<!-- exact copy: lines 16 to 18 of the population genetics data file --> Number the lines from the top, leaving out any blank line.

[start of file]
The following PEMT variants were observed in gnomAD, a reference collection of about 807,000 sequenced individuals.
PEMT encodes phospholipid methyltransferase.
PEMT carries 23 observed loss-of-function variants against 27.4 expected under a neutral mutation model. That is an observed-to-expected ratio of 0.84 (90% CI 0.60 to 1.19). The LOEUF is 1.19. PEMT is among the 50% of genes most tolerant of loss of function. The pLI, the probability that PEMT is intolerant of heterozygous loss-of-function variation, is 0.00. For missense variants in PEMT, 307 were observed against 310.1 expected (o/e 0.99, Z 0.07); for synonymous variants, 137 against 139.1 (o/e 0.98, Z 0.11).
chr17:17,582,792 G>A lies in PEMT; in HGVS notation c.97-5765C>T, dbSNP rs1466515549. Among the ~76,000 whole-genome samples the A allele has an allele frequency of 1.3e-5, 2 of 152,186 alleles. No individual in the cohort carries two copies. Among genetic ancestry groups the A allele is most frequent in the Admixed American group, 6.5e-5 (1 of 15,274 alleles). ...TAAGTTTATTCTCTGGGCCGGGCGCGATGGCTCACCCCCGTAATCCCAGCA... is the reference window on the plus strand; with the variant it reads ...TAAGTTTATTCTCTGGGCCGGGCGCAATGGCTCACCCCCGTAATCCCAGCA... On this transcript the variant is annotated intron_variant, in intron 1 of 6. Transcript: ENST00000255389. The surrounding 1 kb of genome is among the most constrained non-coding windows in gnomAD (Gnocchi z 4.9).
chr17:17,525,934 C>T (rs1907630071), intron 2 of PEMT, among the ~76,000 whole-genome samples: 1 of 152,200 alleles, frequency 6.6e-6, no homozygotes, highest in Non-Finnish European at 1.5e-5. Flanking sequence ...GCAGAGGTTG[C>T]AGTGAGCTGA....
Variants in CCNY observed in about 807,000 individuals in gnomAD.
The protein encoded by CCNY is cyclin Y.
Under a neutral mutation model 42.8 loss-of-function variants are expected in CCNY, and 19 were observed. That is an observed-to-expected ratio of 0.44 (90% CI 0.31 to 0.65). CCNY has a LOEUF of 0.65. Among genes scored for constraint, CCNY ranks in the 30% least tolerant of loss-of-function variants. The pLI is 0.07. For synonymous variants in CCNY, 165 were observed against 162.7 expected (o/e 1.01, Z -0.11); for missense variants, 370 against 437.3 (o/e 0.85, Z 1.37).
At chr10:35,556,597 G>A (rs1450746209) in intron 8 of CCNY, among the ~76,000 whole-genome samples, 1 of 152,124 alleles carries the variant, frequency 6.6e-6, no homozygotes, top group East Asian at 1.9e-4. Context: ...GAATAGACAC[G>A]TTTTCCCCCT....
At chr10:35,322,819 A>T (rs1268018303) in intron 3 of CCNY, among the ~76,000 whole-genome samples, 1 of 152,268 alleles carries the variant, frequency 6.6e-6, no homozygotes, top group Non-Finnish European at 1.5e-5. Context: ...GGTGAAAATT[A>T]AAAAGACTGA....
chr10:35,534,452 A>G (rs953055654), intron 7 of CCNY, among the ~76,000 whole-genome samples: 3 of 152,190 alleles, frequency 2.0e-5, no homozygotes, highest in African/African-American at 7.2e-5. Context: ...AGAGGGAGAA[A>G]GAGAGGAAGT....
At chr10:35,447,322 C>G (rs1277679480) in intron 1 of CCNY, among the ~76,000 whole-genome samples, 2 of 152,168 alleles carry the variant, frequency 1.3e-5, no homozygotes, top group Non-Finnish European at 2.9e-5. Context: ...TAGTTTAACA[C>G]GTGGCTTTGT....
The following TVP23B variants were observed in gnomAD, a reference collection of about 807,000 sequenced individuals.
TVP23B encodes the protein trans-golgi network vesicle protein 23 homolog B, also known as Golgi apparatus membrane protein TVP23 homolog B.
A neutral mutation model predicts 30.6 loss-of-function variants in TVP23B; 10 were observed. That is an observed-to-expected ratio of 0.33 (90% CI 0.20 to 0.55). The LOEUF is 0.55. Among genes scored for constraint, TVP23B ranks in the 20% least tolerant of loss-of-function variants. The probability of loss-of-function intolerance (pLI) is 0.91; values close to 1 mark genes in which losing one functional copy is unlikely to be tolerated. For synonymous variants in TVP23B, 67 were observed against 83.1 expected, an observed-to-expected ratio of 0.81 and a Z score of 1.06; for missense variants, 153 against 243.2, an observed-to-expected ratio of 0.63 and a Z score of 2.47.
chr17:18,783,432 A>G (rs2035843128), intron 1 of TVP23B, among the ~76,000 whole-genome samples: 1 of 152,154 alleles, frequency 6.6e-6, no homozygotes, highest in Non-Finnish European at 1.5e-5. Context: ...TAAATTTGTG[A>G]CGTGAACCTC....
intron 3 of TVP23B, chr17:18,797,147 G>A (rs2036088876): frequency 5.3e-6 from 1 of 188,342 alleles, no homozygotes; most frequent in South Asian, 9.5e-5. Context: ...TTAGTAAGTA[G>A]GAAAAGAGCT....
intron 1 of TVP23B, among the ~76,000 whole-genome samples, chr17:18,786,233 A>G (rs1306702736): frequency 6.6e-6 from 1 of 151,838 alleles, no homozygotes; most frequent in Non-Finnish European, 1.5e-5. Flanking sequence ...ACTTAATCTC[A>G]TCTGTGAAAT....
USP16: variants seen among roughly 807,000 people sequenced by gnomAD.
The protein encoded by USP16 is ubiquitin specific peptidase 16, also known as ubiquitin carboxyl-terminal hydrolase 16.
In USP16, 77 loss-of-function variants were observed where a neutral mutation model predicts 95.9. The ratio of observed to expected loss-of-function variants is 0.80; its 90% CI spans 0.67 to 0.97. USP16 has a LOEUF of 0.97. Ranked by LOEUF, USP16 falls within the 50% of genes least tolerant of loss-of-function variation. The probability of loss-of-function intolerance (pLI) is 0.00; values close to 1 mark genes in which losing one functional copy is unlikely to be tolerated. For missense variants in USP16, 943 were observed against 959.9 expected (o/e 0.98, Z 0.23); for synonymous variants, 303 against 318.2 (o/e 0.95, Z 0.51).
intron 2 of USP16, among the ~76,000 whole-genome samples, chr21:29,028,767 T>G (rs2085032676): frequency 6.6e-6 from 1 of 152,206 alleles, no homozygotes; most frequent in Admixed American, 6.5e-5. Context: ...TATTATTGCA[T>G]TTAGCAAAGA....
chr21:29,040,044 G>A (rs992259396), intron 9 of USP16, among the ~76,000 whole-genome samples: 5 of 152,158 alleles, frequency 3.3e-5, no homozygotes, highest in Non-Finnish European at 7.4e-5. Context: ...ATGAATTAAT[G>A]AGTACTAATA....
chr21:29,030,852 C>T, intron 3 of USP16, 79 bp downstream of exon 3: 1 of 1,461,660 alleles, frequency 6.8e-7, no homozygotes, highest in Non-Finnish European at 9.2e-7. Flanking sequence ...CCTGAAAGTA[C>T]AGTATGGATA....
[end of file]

chr17:18,783,432 A>G (rs2035843128), intron 1 of TVP23B, among the ~76,000 whole-genome samples: 1 of 152,154 alleles, frequency 6.6e-6, no homozygotes, highest in Non-Finnish European at 1.5e-5. Context: ...TAAATTTGTG[A>G]CGTGAACCTC....
intron 3 of TVP23B, chr17:18,797,147 G>A (rs2036088876): frequency 5.3e-6 from 1 of 188,342 alleles, no homozygotes; most frequent in South Asian, 9.5e-5. Context: ...TTAGTAAGTA[G>A]GAAAAGAGCT....
intron 1 of TVP23B, among the ~76,000 whole-genome samples, chr17:18,786,233 A>G (rs1306702736): frequency 6.6e-6 from 1 of 151,838 alleles, no homozygotes; most frequent in Non-Finnish European, 1.5e-5. Flanking sequence ...ACTTAATCTC[A>G]TCTGTGAAAT....